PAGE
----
Minneapolis officials are looking to scrap a decades-old law that requires emergency homeless shelters to be housed in places of worship.
The change would free shelter operators to relocate, expand and provide more suitable accommodations for families and individuals.
“I’d like to be able to [have beds] in buildings that are meant for human habitation, which are, by definition, not church basements,” said Stephen Horsfield, executive director at Simpson Housing Services in Minneapolis.
Minneapolis is wading into what has become a divisive issue nationally. Many other communities around the country are enacting stringent restrictions to keep shelters from popping up near schools and residential areas, often treating them no differently than strip clubs, adult bookstores and tattoo parlors.
Under zoning rules adopted in 1995, emergency homeless shelters in Minneapolis must be located in a place of worship, such as a church or a mosque. A change approved in 2010 allows for a small area in downtown Minneapolis where shelters can operate outside of a place of worship.
Minneapolis is rethinking its shelter restrictions as the number of homeless residents in Hennepin County crept up to 4,343 in 2012, according to the Amherst H. Wilder Foundation. That’s the highest number in more than a decade.
Supporters say the city should give shelter operators greater ability to deal with what has proved to be a persistent homeless problem. There are now 13 emergency homeless shelters in Hennepin County, including five that take families and three for children or young adults.
“We should be looking at other ways to regulate shelter that would allow more flexibility, that would allow locating in buildings that are more suitable,” said City Council Member Lisa Bender, who’s leading the push for the change.
Needs have changed
The problem is highlighted in the basement at Simpson United Methodist Church, which established housing for the homeless in 1981.
Mats were rolled out and crowded together on the gym floor last week, as dozens of people seeking a place to sleep made their way through the church’s doors.
The aging building is not ideal, shelter staff members said, as it reaches its maximum occupancy almost every night.
Religious institutions were the first to respond to an increase in homelessness in the early 1980s, stepping forward to lease their properties and make room for beds, said Mikkel Beckmen, director of Hennepin County’s Office to End Homelessness.
Over time, Horsfield said, needs have changed and so, too, have the organizations providing help. “As this became more of a perpetual problem, the work has become more sophisticated,” he said. “It’s become more of the work of not-for-profit agencies, social services agencies, than it has for pure faith organizations.”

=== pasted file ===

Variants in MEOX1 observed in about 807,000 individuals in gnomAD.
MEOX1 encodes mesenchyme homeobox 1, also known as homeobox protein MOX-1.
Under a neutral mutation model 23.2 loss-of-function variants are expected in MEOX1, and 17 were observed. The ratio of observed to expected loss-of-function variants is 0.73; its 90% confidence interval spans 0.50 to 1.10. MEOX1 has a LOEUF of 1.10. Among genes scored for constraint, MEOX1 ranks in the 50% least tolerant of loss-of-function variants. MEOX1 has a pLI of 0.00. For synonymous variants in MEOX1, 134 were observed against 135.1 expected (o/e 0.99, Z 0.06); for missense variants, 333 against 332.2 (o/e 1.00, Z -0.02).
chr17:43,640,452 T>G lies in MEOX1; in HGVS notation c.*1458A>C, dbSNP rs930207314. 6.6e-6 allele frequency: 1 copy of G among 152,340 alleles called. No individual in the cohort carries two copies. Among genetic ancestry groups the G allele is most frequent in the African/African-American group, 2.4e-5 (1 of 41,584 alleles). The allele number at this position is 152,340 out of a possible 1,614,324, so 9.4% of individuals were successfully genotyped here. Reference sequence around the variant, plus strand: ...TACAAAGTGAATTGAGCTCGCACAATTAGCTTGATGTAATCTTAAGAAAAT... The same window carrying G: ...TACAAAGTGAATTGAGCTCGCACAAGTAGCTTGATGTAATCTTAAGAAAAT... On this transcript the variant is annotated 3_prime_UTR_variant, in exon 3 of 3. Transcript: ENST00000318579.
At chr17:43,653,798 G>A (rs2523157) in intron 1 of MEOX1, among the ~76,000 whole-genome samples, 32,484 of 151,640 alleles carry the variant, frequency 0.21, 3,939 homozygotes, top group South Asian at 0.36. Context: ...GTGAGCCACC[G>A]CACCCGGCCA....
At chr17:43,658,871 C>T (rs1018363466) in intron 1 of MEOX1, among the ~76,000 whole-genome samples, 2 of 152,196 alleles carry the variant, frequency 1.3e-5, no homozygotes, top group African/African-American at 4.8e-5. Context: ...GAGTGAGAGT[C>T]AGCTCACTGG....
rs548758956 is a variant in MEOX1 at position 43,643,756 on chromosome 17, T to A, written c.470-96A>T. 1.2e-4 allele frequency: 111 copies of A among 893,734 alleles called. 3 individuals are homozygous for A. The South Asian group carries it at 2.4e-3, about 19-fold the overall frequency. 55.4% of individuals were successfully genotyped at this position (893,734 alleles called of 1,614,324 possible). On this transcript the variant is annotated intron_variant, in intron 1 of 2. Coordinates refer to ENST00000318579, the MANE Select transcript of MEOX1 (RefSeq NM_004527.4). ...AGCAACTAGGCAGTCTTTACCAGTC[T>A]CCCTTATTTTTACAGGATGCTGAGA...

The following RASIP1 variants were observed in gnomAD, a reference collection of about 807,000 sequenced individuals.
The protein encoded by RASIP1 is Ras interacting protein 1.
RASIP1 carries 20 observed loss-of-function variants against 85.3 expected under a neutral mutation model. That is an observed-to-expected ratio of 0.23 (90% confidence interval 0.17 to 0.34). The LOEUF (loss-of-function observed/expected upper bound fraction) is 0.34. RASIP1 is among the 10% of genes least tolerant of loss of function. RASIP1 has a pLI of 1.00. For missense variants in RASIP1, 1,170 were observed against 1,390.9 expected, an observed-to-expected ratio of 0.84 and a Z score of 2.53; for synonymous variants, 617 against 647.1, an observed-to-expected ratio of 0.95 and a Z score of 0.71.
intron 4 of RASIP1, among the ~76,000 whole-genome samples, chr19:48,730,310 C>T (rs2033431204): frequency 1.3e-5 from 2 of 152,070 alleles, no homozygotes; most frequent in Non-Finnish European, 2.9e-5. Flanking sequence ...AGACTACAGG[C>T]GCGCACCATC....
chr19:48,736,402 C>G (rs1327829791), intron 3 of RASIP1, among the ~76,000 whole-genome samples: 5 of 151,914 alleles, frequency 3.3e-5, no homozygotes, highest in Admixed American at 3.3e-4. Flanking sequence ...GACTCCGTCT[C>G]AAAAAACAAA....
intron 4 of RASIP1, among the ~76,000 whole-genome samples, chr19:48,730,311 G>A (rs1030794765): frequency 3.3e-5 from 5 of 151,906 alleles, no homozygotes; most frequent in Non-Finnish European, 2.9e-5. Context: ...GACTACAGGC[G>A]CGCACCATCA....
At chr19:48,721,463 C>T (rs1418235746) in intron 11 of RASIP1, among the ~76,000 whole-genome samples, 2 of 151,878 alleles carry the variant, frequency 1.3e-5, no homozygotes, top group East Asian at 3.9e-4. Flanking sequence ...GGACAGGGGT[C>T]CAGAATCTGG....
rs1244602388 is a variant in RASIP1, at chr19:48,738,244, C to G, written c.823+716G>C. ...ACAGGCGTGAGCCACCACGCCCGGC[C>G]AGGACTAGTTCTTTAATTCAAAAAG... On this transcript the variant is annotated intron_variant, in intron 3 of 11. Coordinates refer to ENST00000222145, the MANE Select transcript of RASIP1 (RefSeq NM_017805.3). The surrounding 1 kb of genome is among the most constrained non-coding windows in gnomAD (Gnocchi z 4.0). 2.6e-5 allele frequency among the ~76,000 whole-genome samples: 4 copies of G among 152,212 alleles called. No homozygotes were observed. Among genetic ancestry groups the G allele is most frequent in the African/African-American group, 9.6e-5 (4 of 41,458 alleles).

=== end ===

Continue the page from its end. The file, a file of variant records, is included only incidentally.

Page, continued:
Some religious institutions don’t necessarily provide financial support for the shelters, Bender said, so the church-shelter relationship can create a false impression.
Uncomfortable in churches
For those who are secular or whose beliefs contradict the place of worship, the shelter space could feel uninviting, said Chris Stinson, policy director at OutFront Minnesota, which advocates for gay, lesbian, bisexual and transgender people. “Some people in the community don’t feel comfortable [in churches],” he said.
But there is growing concern that loosening the zoning restrictions could bring too many shelters to certain areas, such as in Minneapolis’ Whittier neighborhood, where several shelters already exist. Homeless shelters can bring problems with drugs, public drunkenness and people sleeping on the sidewalk.
“Having more available properties, less expensive properties might create oversaturation,” said Marian Biehn, executive director of the Whittier Alliance neighborhood group. Biehn said city officials should consult with neighborhoods that already house many shelters as they consider the zoning code change.
Beckmen said removing the rule would not likely lead to massive expansion or an influx in emergency housing. He said it would help existing shelters improve their facilities and relocate if necessary.
“Churches were never built to be places of human habitation, and it’s hard to provide a dignified setting,” he said.
Talks coming this spring
Bender and staff members plan to establish a committee this spring to discuss changes.
“There’s really strong commitment in our region, in Hennepin County and the city, to look for long-term solutions for housing,” she said.
Five years ago, Simpson Housing Services had beds at the nonprofit Community Emergency Services. But the city forced them to move because the nonprofit was not a place of active worship. The shelter had to rent more space at its main home, the church.
Horsfield said he never imagined the church-shelter relationship would stick for so long.
“We’ve been operating shelter in the exact same way, in the exact same church basement,” he said. “We probably would’ve done a bit more over time to create some creature comforts as opposed to mats on a gym floor.”
Jessica Lee is a University of Minnesota student reporter on assignment for Star Tribune.